The mystery of Yasser Arafat’s death lives on. After months of silence from the Paris hospital where the Palestinian Authority president died of an undisclosed illness last November, two reputable newspapers finally obtained his medical records.
But the retrospective diagnoses offered Thursday by Ha’aretz and The New York Times were remarkably different.
“Doctors: Arafat Died of AIDS or Was Poisoned” the liberal Israeli daily blared in a banner headline.
By contrast, the Times wrote, “Medical Records Say Arafat Died From a Stroke.”
Both papers had consulted with eminent medical experts, so their varying views only served to perpetuate the schism between conspiracy theorists — of both pro-Arafat and anti-Arafat camps — and Palestinian Authority, Israeli and French officials who insist there was no evidence of foul play.
“I hope that people will start refraining from continuing to target Arafat after his death,” said Saeb Erekat, who served as a senior aide to the PLO chief.
Israeli Foreign Minister Silvan Shalom voiced the wish that “all of these fables and rumors be struck from our agenda once and for all.” He was echoed by his French counterpart, who was visiting Israel.
“One should always be careful with publishing causes of death on the front pages,” said Philippe Douste-Blazy, a former physician.
After two years in which his health failed in trying conditions at his West Bank compound, Arafat collapsed last October and was airlifted to a hospital outside Paris. He was pronounced dead Nov. 11 following several days in which conflicting reports had him either comatose or experiencing miracle recoveries.
His widow and heir, Suha, kept all doctors’ reports strictly under wraps.
To Palestinians embittered with Israel’s handling of Arafat and prone to explaining political developments with conspiracy theories, the poisoning theory had appeal.
To those bitter at Arafat’s corruption and intrigued by his long-distance marriage to Suha — after decades in which rumors swirled about his sexuality — AIDS seemed equally likely.
Ha’aretz and the Times agree that the Palestinian leader succumbed to massive internal bleeding, and that it is impossible to determine exactly what infection caused it.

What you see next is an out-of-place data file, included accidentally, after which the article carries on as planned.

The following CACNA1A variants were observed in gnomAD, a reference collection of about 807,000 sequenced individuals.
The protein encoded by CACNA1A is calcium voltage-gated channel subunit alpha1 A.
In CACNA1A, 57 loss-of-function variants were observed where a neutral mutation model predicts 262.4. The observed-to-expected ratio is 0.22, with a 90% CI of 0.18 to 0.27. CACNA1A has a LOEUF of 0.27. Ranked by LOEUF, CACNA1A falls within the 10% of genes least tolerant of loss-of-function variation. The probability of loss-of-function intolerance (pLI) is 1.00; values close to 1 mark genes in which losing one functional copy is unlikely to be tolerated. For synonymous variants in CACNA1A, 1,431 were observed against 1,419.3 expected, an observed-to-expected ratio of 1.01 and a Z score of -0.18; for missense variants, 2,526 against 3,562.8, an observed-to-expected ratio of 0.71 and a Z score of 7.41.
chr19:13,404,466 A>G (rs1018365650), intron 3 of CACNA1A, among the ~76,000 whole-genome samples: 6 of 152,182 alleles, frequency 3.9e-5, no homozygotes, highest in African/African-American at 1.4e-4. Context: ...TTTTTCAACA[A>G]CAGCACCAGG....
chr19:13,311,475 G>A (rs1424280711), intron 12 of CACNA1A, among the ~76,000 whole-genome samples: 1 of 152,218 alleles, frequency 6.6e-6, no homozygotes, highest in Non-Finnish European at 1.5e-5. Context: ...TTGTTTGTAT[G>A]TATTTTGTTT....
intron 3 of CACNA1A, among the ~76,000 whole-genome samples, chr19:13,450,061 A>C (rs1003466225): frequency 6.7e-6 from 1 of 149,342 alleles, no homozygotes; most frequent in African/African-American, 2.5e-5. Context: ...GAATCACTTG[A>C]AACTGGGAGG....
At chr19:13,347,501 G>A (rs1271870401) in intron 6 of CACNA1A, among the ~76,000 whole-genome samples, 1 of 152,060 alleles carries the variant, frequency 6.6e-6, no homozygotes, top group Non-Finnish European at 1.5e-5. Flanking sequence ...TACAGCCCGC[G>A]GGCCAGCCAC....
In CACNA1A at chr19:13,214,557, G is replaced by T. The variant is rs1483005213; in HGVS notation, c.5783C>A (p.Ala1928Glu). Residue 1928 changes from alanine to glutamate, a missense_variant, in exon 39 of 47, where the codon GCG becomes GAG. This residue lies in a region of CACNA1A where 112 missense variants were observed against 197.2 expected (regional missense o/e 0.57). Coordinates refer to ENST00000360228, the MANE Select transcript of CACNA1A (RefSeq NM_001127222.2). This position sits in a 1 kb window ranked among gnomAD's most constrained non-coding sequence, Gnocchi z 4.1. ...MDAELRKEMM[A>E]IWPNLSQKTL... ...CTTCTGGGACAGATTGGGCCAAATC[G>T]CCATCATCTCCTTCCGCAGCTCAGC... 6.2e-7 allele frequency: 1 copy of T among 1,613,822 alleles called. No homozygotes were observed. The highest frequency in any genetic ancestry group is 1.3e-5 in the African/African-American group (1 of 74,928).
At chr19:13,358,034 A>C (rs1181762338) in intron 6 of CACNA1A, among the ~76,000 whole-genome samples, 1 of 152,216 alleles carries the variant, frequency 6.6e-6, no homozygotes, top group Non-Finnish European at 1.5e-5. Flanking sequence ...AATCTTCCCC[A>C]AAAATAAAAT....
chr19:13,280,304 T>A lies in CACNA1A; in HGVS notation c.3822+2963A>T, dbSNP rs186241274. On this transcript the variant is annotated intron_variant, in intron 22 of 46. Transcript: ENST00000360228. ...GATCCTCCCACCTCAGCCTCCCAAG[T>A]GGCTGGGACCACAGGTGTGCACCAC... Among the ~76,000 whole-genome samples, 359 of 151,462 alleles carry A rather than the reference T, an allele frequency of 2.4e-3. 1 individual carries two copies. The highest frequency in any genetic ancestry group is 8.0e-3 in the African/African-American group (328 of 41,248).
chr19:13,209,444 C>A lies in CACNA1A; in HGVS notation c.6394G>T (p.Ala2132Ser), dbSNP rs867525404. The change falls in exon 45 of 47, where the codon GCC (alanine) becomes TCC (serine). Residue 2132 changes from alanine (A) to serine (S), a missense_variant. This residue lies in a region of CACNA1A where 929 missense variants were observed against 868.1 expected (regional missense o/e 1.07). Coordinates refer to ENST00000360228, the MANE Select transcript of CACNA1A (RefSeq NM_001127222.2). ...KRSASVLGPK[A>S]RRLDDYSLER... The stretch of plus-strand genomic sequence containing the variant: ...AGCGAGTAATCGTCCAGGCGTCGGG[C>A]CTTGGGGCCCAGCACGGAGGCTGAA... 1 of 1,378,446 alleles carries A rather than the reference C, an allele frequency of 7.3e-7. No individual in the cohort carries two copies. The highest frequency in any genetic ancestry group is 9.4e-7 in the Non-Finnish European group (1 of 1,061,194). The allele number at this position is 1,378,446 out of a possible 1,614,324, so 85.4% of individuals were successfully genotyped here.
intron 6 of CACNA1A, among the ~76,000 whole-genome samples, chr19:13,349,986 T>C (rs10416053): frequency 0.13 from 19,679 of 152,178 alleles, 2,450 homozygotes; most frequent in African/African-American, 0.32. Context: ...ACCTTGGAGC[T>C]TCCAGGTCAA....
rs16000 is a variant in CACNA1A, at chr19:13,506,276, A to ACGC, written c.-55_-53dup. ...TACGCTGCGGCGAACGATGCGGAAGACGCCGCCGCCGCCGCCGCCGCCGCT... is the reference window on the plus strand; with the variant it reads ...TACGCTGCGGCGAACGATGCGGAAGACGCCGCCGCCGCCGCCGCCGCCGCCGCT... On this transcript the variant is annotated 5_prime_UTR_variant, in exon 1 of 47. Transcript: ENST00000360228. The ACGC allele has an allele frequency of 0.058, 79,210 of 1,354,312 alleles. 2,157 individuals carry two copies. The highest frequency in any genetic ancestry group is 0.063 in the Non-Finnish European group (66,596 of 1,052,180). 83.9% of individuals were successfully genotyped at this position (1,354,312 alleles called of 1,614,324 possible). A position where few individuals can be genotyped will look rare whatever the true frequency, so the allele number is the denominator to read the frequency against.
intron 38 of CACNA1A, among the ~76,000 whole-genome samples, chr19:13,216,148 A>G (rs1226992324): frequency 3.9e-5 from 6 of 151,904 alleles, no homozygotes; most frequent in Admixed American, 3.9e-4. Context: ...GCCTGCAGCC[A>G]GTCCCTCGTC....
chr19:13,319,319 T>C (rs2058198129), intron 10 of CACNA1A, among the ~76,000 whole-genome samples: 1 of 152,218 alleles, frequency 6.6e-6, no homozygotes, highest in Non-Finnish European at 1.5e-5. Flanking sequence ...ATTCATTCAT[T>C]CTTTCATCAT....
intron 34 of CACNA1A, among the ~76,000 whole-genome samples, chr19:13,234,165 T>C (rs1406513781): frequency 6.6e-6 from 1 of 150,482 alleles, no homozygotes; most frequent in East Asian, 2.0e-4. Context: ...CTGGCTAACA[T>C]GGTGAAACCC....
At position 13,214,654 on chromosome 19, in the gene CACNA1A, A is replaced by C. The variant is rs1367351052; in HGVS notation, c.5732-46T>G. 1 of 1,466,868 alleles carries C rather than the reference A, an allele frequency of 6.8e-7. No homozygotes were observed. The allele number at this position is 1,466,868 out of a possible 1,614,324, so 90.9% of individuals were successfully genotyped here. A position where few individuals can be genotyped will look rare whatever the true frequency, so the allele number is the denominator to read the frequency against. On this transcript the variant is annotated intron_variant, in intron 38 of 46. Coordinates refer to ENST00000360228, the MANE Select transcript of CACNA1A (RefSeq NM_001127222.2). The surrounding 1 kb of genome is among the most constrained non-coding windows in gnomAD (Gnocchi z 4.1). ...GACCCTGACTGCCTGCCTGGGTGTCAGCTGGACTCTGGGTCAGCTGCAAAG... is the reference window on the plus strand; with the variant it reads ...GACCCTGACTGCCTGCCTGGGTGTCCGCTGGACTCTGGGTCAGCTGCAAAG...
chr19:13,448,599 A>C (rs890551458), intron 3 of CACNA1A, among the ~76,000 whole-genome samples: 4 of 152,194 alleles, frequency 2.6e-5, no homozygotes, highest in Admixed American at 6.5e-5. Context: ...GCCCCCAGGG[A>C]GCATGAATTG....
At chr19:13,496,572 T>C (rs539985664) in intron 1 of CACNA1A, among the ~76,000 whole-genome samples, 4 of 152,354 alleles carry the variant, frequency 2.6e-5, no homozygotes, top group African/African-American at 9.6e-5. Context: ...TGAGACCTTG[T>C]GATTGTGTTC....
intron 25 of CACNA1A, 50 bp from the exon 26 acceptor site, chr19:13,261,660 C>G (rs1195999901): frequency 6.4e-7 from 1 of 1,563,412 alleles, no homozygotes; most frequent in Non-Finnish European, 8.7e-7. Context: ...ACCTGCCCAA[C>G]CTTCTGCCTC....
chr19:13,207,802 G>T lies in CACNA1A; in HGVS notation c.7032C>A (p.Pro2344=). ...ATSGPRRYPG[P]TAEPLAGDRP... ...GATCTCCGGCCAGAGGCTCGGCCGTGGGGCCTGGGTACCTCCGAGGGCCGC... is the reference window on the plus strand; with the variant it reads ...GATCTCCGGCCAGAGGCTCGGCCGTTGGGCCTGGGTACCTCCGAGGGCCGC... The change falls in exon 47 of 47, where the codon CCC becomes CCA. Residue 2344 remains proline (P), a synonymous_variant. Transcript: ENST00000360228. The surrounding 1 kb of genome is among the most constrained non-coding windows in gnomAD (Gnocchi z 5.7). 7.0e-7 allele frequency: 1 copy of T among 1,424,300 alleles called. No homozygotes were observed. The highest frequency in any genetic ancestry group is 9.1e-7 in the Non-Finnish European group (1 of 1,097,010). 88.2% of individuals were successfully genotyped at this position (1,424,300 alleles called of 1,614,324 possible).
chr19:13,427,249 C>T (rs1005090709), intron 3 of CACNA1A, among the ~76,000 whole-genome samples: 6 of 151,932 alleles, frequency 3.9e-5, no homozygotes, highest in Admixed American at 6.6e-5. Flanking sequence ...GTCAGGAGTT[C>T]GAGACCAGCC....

The Times said its experts’ review “suggests that poisoning was highly unlikely and dispels a rumor that he may have died of AIDS” — though it noted that the absence of an AIDS test in the medical report is highly unusual.
Ha’aretz suggested that poison, perhaps ricin, could have been slipped into Arafat’s food, but also noted that he could simply have suffered standard food poisoning. Ha’aretz further quoted Gil Lugassi, president of the Israel Hematologists Association, who said that Arafat’s symptoms as described in the medical report were consistent with the onset of AIDS.
Lugassi received uncanny endorsement from Dr. Ashraf Al-Kurdi, Arafat’s Jordanian physician.
Though he played no part in the Palestinian leader’s final treatment — and refused to take part in a post-death investigation because Suha Arafat had not allowed an autopsy to be conducted — Kurdi told Israel’s Channel Two television that Arafat indeed had the AIDS virus in his blood. However, he claimed it had been injected into Arafat to cover up the fact that he had been poisoned.
The Archive of the Jewish Telegraphic Agency includes articles published from 1923 to 2008. Archive stories reflect the journalistic standards and practices of the time they were published.